High Country News March 21, 2011
Ranchers battle gigantic meatpackers to get a fair price for cattle in a changing economy.
Mule deer on Wyoming's Pinedale Anticline are struggling, and the BLM's adaptive management plan has done nothing to help.
Pacific chorus frogs are making an unexpected resurgence in San Francisco, with a little help from human friends.
Rural Lake County, Ore., has gone from a timber economy to one based on producing - and exporting - renewable energy.
The Edge of the Cedars State Park Museum in Blanding, Utah, fights for its life as the state cuts funding.
By insisting on buying goods, especially food, as cheaply as possible, we ignore the hidden and occasionally horrendous costs.
High Country News skipped issue; Paul Larmer's son, Zachary, and friends invent "The Caboose," a device that assists the disabled; Amy Goodman visits Paonia; new books by Tracy Ross and Hannah Nordhaus; clarification.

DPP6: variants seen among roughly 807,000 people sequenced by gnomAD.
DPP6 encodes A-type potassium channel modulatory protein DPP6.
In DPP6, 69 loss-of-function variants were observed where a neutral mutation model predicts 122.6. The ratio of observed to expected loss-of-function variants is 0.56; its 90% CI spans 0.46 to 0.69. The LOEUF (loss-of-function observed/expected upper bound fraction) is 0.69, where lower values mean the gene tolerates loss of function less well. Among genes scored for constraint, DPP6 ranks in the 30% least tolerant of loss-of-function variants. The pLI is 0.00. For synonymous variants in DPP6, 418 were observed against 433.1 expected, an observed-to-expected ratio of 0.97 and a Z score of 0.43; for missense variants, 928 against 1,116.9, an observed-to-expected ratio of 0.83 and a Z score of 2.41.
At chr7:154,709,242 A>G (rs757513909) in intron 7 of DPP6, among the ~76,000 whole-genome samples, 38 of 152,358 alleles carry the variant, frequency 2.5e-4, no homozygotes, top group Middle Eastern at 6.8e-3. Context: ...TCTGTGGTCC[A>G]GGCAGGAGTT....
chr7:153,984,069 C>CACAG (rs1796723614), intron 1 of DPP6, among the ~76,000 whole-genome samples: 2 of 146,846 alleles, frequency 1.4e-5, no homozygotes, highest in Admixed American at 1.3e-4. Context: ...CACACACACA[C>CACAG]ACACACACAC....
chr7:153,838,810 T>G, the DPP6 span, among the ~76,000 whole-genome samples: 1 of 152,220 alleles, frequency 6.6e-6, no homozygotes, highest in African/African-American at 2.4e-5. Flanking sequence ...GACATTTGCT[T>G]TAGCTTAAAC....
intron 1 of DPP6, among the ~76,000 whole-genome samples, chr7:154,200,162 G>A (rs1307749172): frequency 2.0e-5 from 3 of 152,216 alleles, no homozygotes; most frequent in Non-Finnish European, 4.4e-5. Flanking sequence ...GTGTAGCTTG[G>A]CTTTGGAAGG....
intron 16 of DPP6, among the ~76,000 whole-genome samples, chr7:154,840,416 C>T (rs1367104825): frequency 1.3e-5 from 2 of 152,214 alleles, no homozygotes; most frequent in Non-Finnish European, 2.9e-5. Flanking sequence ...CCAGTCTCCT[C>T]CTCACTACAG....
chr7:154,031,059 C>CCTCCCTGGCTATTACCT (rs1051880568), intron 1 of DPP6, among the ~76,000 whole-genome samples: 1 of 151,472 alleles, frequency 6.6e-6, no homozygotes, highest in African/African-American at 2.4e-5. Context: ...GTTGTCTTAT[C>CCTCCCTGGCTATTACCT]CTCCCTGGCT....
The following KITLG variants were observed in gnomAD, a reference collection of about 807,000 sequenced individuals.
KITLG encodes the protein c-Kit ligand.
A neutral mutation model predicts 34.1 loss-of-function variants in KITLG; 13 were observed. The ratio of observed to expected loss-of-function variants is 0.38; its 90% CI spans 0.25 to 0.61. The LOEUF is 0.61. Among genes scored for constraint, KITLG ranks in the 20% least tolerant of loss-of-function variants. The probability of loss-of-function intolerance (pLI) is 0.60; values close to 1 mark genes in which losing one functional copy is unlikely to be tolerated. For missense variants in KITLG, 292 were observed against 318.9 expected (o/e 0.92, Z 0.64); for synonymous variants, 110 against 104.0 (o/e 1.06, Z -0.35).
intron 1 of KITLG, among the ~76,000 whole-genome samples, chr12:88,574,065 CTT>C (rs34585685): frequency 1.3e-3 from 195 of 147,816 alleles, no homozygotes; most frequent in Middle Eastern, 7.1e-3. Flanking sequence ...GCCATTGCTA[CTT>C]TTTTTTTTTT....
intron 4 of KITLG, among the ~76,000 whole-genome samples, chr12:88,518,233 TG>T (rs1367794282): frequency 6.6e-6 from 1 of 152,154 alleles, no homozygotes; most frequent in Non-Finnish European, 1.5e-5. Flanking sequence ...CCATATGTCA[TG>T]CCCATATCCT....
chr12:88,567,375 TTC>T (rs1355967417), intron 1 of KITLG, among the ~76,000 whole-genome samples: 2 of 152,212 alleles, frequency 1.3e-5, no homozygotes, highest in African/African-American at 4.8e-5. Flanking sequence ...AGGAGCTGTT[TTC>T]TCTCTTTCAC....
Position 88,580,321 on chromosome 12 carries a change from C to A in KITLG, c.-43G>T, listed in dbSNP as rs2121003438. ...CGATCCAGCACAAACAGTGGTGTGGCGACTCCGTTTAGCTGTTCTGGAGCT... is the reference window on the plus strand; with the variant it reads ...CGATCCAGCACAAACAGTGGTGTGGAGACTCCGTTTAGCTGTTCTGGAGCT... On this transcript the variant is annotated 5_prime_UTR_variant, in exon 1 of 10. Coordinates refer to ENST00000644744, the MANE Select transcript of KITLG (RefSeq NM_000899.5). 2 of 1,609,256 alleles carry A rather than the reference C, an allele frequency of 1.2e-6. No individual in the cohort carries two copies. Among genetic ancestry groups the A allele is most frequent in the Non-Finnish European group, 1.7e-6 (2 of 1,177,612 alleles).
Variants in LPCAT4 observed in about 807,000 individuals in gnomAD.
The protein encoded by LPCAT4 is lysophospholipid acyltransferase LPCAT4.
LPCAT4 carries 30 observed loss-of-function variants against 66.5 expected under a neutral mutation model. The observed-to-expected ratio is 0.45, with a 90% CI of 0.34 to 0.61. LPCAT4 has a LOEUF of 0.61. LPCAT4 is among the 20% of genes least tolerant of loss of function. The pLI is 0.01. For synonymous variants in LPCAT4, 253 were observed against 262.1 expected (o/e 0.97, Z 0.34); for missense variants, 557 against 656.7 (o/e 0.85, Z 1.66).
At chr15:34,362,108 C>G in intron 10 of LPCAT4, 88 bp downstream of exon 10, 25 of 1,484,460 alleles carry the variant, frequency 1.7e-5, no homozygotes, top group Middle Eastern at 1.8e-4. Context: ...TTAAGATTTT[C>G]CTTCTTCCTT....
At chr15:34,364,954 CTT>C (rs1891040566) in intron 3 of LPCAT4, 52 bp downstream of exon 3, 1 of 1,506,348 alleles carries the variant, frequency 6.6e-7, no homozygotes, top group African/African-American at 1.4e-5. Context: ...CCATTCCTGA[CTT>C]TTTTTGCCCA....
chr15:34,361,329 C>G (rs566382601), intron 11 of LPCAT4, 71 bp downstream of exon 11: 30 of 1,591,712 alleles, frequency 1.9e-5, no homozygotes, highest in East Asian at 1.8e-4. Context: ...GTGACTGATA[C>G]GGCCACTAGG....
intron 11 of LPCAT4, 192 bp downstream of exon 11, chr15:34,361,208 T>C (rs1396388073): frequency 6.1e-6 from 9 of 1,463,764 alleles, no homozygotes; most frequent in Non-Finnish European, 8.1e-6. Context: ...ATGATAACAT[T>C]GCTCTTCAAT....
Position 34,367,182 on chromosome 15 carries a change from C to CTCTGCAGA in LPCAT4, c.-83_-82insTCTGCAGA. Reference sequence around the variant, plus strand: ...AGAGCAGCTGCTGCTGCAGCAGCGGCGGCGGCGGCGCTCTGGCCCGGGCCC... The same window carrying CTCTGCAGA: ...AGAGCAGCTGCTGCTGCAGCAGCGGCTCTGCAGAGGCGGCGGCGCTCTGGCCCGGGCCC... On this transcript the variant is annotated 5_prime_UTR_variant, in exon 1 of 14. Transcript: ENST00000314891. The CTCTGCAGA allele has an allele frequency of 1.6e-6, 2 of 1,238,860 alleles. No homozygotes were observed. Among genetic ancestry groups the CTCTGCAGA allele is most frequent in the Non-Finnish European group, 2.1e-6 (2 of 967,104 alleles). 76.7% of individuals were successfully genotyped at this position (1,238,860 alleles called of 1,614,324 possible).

Writers on the Range
A tar sands development proposed for Utah is insane on every level: economically, environmentally and just practically.
In her new collection of essays, Wild Comfort: The Solace of Nature, Kathleen Dean Moore writes her way to the knowledge that "sorrow is part of the Earth's great cycles."
The short stories in Alan Heathcock's collection, Volt, bring the troubled inhabitants of a small town vividly to life.
A newcomer to Utah learns to love winter with the help of snowshoes.